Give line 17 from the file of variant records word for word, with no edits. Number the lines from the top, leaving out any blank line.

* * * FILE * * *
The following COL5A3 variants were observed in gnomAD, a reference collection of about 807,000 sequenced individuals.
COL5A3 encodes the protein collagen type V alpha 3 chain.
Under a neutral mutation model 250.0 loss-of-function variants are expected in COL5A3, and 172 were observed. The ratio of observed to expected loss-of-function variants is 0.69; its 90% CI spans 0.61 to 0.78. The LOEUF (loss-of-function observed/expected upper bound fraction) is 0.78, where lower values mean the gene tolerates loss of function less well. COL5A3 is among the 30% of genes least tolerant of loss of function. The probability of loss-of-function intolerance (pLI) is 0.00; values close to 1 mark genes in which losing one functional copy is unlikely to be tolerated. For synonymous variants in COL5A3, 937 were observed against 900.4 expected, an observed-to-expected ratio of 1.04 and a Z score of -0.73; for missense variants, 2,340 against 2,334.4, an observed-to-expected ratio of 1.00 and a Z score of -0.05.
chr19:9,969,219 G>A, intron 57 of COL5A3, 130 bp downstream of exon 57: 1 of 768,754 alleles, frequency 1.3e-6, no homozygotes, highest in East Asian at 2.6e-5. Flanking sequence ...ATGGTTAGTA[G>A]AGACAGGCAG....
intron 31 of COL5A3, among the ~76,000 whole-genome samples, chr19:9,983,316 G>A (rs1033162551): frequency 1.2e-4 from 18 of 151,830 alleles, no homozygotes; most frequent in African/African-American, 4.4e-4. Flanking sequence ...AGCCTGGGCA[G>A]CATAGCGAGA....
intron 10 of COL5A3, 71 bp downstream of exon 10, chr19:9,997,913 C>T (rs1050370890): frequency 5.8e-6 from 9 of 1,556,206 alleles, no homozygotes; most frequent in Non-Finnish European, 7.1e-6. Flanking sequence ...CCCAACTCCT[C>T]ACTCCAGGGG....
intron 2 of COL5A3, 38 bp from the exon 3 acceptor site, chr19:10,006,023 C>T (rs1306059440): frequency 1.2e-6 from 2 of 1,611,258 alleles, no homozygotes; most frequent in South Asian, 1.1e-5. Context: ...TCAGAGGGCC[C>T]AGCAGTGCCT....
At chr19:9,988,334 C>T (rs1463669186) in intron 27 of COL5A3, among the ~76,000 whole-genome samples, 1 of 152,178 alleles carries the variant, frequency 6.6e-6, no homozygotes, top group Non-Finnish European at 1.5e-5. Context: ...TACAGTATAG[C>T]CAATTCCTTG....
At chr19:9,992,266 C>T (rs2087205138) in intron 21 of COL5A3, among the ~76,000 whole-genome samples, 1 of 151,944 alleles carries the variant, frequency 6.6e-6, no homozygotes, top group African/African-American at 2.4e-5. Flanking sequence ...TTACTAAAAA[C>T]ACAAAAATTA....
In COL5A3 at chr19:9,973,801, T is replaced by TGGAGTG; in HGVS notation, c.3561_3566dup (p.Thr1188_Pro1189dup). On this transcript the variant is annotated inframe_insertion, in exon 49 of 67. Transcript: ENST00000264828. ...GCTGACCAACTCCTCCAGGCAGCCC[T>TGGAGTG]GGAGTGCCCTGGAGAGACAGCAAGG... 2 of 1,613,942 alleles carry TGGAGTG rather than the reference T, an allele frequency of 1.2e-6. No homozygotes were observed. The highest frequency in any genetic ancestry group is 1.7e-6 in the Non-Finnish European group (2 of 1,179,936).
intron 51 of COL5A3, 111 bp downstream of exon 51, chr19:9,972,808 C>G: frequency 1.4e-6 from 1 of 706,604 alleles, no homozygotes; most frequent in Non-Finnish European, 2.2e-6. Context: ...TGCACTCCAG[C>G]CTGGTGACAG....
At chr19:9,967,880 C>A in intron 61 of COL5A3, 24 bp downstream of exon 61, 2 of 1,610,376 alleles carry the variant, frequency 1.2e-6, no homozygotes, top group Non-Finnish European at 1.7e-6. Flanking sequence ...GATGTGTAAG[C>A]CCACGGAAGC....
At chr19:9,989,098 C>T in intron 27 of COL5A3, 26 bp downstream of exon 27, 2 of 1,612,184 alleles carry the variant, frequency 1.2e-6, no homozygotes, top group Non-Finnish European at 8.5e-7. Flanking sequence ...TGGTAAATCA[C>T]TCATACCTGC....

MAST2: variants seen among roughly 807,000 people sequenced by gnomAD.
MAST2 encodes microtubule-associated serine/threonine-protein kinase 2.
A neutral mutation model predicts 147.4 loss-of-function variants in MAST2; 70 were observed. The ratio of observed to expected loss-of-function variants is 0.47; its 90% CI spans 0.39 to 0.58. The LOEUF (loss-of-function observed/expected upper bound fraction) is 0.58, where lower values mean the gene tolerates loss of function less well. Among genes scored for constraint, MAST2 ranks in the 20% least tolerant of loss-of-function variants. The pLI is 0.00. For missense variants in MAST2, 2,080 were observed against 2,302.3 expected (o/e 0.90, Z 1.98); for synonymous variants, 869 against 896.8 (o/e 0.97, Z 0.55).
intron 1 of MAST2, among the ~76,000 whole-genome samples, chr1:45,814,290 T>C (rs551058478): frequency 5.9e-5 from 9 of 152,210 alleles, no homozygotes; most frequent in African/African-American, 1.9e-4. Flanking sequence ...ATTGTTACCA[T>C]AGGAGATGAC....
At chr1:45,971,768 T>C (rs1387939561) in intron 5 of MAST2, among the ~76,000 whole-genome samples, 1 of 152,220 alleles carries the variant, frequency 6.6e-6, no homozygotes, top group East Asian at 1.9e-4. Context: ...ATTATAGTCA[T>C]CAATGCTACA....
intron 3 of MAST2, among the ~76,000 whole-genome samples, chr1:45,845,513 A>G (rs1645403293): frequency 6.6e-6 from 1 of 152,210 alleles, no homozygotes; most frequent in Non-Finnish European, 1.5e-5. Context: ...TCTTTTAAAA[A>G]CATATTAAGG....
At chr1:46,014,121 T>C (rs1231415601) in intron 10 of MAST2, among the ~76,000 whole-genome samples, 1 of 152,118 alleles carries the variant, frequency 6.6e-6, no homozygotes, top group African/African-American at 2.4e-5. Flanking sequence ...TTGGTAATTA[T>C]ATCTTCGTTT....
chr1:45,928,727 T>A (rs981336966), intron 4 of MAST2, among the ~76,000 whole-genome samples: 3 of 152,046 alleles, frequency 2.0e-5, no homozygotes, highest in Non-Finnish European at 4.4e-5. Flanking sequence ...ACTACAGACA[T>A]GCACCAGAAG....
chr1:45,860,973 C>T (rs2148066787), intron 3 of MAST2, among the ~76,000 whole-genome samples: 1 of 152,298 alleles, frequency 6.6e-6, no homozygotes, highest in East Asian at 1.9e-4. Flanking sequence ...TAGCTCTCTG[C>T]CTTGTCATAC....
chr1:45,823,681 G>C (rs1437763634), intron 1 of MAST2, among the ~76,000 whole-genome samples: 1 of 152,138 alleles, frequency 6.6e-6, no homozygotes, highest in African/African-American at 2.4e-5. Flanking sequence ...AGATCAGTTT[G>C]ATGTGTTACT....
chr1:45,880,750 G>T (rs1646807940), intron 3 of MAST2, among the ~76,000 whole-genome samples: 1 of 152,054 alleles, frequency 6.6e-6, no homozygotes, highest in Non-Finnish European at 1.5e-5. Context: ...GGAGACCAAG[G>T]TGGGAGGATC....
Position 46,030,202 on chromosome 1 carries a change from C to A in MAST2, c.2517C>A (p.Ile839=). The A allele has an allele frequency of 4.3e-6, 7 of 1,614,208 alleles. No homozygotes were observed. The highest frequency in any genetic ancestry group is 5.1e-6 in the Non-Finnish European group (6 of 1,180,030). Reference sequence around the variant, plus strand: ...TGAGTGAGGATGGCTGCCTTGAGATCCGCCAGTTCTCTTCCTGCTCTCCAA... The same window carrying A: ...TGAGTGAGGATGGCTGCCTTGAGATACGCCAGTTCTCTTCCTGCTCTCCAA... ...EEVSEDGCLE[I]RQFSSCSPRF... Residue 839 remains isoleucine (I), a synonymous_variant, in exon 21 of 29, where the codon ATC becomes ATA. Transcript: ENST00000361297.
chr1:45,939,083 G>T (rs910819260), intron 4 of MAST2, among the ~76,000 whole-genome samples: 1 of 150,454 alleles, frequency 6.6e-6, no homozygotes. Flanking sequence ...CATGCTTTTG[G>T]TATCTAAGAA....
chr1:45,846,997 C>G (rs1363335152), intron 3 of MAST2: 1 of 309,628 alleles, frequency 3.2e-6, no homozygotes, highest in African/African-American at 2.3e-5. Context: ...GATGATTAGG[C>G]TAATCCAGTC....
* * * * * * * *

intron 1 of MAST2, among the ~76,000 whole-genome samples, chr1:45,814,290 T>C (rs551058478): frequency 5.9e-5 from 9 of 152,210 alleles, no homozygotes; most frequent in African/African-American, 1.9e-4. Flanking sequence ...ATTGTTACCA[T>C]AGGAGATGAC....